"This is not just a book for water wonks. Even if you care only enough to skim the headlines about the shrinking Salton Sea or Lake Mead’s burgeoning bathtub ring, Fleck’s book overall is a clear-eyed look at both the systemic inefficiencies in how water is used in the West and the smart ways they can be addressed."
"Turn[s] the water crisis narrative on its head...an important book for all Westerners."
— Albuquerque Journal
"In 13 concise chapters, Fleck...illustrates how states, communities, and water rights holders have learned that the winner-takes-all approach to water management is a losing proposition."
"With this book, Mr. Fleck employs the dynamic of storytelling to demonstrate that cooperative goals can be met when individuals unite to solve problems...I recommend this book as an inspirational and refreshing read for Colorado Basin aficionados and ordinary water users alike."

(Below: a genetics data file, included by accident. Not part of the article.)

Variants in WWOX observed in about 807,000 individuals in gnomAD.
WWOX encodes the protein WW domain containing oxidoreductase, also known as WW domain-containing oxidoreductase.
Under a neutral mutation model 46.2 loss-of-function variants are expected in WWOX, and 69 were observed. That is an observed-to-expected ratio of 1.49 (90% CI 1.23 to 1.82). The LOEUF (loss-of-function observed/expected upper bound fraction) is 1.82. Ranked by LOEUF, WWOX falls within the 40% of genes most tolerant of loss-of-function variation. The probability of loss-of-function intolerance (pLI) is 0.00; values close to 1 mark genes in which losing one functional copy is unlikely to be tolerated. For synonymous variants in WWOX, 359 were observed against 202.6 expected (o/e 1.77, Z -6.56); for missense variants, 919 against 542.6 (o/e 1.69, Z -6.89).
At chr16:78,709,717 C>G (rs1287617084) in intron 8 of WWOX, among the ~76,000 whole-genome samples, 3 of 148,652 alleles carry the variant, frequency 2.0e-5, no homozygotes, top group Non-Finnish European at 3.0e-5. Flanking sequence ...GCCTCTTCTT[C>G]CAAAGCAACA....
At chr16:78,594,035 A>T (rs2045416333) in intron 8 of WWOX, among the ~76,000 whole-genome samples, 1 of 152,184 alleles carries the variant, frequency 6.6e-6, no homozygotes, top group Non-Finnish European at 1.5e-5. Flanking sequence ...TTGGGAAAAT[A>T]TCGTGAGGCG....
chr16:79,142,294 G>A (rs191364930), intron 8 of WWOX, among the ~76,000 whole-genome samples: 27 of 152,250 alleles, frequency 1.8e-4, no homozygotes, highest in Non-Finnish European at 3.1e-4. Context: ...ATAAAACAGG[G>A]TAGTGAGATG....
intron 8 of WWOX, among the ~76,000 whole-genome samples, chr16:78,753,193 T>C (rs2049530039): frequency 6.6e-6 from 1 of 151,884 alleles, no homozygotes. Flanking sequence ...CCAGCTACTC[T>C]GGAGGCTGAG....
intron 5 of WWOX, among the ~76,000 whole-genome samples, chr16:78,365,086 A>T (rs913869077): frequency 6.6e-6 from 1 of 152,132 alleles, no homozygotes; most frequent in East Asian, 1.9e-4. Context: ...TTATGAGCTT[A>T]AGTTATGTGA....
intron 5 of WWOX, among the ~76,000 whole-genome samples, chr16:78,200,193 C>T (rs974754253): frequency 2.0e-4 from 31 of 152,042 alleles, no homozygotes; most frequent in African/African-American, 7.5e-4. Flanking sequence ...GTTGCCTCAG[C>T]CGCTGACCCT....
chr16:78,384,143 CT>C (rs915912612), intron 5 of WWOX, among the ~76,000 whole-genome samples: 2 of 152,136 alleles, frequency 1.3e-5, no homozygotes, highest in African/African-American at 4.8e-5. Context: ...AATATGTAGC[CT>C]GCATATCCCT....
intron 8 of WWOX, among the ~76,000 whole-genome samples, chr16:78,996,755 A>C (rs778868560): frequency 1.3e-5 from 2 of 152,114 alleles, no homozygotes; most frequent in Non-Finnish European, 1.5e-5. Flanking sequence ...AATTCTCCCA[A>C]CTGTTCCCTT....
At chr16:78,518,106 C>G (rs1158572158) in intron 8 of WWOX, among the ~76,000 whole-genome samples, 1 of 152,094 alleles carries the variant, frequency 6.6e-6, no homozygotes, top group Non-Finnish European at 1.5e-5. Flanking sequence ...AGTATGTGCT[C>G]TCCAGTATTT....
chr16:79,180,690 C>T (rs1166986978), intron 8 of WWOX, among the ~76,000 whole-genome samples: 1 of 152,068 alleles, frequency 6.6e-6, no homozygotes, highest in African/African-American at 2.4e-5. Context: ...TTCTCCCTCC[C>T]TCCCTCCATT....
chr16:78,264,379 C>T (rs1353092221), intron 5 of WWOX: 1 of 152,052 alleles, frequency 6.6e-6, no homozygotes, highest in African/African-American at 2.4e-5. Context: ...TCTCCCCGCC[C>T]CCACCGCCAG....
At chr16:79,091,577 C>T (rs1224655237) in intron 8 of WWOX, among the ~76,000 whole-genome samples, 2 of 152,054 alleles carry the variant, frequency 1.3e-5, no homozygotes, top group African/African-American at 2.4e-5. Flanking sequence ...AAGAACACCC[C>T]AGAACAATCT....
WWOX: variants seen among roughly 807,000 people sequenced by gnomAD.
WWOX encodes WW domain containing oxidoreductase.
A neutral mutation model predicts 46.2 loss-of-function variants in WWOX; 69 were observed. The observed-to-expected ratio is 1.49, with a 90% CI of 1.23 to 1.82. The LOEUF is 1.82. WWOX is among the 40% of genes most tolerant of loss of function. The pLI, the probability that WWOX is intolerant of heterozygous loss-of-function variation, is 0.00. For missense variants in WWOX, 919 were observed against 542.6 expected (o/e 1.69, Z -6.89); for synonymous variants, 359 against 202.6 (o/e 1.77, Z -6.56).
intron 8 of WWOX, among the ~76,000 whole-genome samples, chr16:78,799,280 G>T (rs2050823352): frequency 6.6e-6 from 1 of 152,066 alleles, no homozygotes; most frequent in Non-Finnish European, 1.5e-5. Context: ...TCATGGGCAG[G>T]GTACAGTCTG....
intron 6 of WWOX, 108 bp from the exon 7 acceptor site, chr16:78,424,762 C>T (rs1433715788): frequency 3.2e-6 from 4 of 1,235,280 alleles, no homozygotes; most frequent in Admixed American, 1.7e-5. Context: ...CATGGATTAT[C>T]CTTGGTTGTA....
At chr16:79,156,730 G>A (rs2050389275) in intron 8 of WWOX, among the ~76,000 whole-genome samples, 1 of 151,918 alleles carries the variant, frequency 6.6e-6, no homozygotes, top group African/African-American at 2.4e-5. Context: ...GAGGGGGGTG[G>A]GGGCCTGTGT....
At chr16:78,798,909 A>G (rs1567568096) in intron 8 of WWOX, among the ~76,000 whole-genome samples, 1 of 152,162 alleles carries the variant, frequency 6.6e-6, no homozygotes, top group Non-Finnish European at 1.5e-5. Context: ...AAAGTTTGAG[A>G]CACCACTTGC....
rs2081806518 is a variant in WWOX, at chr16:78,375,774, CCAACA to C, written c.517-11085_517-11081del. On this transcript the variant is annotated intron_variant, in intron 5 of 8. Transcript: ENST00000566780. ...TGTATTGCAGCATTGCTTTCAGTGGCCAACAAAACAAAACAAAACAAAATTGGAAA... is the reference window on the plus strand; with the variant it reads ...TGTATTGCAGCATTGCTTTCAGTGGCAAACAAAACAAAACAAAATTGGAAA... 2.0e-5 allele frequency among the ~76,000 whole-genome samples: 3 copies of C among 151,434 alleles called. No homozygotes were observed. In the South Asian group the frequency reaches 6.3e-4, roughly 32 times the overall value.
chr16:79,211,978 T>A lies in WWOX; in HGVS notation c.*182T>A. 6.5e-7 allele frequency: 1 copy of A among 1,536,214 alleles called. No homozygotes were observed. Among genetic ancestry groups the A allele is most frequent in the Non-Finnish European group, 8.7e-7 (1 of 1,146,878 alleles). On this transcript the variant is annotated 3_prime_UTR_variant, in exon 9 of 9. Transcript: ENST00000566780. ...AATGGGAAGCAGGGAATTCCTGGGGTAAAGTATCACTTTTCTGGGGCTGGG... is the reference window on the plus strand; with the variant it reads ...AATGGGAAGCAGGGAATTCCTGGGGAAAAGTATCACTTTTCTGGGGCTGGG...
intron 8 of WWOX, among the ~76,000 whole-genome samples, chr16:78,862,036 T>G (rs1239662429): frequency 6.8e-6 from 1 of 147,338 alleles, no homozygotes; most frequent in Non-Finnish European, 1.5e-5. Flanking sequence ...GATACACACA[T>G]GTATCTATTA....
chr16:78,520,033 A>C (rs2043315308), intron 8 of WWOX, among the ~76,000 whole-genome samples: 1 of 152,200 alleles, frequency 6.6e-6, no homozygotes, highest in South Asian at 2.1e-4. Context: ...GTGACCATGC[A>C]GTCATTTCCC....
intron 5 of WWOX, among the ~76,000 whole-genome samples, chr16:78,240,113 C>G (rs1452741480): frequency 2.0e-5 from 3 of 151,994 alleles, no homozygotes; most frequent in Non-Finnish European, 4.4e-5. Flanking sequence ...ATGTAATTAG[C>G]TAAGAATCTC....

— Natural Resources Journal
"Herald[s] a new genre, one less focused on catastrophe than innovation...Fleck may be writing about water, but his real subject is human nature."
— Pacific Standard
"An informative yet exceptionally compelling journey through the evolution of the Colorado River basin management…Fleck provides an accessible, informative, and captivating look into water management issues and the ways in which we have adapted and persevered through water scarcity."
"At the 1% extreme of thoughtful readble pieces on western water. The book is one of the most insightful and helpful works...since Cadillac Desert."
— California WaterBlog
"Outstanding...an enjoyable, informative read and a must for every water wonk's bookshelf."
— Alliance for Water Efficiency
"John makes an excellent case that cooperation and collaboration is alive and well...a joy to read."
"For anyone not conversant in the history of water policy and development in the Colorado River Basin, Fleck's slim volume covers the big-ticket items from the development of the 1922 interstate compact, to Hoover Dam, Lakes Mead and Powell, the Central Arizona Project, Salton Sea environmental issues, and, of course, Las Vegas."
— Journal of the American Water Works Association